Clayton didn't seem to notice or comment on Jamie's thumb sucking. The tree troll had been thinking back to the red ant incident, and some other tantrums he had overheard before.

"Can you still howl and grizzle like you did then?"

"Of course" said Jamie. "Shall I give you a demonstration?"

"No, not now. Not here. It might wake your dad up (despite my spell). But it's given me an idea. Can you come back to my house for an hour or so and do a bit of howling for me there?"

"I suppose so" said Jamie. "But what about my dad?"

They both looked over to where Mark lay muttering and dribbling in his sleep.

"If he wakes up and finds me gone he'll worry."

"He'll sleep safe till we get back" said Clayton.

"I suppose that's alright then" said Jamie. "He needs a rest. Why didn't you spell me too?"

"I thought you'd both be snoozing soon without any help from me. I only spelled him when you surprised me so he wouldn't join in the fight. If he'd woken up I couldn't have managed the two of you together. My batteries are low."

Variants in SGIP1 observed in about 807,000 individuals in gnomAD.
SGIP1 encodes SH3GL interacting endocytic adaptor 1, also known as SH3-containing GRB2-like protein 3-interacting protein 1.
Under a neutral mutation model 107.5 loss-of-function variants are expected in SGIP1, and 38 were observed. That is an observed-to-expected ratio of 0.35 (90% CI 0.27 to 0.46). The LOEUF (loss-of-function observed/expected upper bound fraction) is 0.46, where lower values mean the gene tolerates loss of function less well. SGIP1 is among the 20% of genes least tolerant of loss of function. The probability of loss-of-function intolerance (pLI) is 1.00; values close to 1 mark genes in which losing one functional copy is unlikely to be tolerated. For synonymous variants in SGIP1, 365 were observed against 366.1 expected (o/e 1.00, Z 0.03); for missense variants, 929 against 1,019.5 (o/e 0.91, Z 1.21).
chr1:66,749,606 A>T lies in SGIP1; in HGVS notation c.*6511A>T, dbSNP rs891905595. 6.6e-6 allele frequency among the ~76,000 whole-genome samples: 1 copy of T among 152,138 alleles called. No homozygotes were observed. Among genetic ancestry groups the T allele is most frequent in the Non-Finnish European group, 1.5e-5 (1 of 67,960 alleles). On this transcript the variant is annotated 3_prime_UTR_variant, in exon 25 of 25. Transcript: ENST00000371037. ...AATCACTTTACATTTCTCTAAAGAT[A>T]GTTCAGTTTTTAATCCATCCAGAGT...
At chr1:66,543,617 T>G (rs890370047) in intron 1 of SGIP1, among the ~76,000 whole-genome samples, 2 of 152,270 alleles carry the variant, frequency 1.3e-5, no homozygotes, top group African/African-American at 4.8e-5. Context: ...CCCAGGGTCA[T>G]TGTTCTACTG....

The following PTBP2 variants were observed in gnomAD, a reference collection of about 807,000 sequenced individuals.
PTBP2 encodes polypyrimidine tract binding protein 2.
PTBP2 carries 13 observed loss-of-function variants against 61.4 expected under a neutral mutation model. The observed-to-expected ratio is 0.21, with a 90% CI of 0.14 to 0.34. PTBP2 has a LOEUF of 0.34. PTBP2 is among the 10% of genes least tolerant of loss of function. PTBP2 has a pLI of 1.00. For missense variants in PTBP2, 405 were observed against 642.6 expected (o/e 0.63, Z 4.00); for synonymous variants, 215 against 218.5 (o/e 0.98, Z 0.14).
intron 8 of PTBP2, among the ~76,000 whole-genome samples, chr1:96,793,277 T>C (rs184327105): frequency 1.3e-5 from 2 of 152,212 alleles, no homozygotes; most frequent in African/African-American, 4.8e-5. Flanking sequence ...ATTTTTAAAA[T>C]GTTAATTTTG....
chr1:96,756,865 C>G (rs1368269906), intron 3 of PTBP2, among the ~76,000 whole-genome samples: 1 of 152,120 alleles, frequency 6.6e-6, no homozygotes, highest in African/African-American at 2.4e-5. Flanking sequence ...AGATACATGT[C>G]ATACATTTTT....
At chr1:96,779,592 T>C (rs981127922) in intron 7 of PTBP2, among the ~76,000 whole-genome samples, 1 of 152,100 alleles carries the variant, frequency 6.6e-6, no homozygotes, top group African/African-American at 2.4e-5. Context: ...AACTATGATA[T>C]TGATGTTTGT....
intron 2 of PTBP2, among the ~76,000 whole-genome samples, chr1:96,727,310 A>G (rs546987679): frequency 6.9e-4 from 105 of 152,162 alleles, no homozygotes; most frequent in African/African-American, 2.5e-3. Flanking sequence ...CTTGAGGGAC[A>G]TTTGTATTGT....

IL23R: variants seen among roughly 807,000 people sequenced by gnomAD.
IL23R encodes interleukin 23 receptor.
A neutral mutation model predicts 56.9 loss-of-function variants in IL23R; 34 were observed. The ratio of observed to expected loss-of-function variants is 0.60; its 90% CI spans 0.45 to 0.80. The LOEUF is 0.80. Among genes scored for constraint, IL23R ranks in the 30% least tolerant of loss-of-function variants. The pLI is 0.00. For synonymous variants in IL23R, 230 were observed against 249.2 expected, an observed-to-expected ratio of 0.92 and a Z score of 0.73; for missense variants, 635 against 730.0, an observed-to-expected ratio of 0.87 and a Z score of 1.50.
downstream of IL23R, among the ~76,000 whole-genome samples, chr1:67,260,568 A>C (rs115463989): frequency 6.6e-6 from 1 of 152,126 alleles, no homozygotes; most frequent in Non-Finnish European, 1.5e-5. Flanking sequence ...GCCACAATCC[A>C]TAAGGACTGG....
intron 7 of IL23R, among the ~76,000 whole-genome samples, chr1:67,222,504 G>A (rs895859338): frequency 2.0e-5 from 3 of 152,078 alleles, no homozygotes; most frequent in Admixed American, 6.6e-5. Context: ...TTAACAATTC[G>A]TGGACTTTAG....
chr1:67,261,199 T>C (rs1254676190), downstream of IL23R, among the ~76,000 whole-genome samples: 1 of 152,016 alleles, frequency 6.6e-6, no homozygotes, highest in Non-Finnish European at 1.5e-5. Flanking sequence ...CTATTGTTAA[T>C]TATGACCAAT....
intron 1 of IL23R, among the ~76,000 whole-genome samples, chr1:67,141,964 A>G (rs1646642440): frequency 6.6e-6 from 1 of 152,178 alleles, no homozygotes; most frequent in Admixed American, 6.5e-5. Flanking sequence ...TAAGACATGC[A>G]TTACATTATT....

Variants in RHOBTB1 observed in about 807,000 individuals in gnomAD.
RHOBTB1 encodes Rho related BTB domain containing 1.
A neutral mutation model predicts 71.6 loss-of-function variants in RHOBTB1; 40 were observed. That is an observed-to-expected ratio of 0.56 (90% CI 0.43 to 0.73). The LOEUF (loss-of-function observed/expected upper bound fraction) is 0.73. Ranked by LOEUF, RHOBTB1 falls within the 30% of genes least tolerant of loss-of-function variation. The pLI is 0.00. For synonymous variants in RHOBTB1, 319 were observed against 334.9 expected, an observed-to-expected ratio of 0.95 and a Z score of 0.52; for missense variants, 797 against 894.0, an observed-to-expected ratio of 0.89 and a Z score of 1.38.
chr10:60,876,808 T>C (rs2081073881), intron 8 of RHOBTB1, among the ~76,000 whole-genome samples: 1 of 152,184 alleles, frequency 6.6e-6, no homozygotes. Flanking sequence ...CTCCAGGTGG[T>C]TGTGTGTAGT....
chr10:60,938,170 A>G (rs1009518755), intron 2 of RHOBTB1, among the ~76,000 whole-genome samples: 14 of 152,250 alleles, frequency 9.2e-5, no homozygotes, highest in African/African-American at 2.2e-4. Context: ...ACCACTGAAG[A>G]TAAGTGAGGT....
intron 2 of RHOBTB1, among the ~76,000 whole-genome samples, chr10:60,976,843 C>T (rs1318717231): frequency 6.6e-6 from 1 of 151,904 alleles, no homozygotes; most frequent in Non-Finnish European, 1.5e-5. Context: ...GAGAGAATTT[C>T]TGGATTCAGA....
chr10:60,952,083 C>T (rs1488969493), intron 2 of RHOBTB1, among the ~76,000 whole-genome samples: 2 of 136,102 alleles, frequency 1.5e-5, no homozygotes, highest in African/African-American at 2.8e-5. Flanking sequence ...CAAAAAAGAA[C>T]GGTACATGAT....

This new information was a shock to Jamie who thought the troll was too realistic to be related to Buzz Lightyear. He peered around the back of the troll.

"What are you looking for?" asked the troll twirling away and wondering if his bum looked a bit big.

"The battery compartment" said Jamie. "We've got a charger at home. It does all sizes."

"I meant" explained Clayton "that I was feeling run down. Till I ate the crisps. Anyway - what do you think about my proposition?"

"I don't know. What do I get if I come with you and do some howling?"

"If what I have in mind works - I'll be very grateful - and I'll show you some magic."

"What kind of magic?" asked Jamie suspiciously thinking back to the disappearing fork trick which Laura and his auntie Janet had perfected recently. It fooled him and his uncle. But then they showed him how it worked - with a piece of black cotton thread pulling the fork along the table.

"It's real magic" said Clayton, as if reading his thoughts. "No strings involved. I'll make you invisible."

"Really?" said Jamie.

"Really!" said Clayton.

"It's a deal then" said Jamie.

"Let's shake on it" said Clayton.

At that they both spat on their hands and shook again.

Clayton's twiggy hands still felt scratchy as before - but there was something else. Slime... After shaking Jamie found a small slug on his palm. He flicked it off and followed Clayton - who went back to the picnic bag and picked out some more crisps - before heading down the path.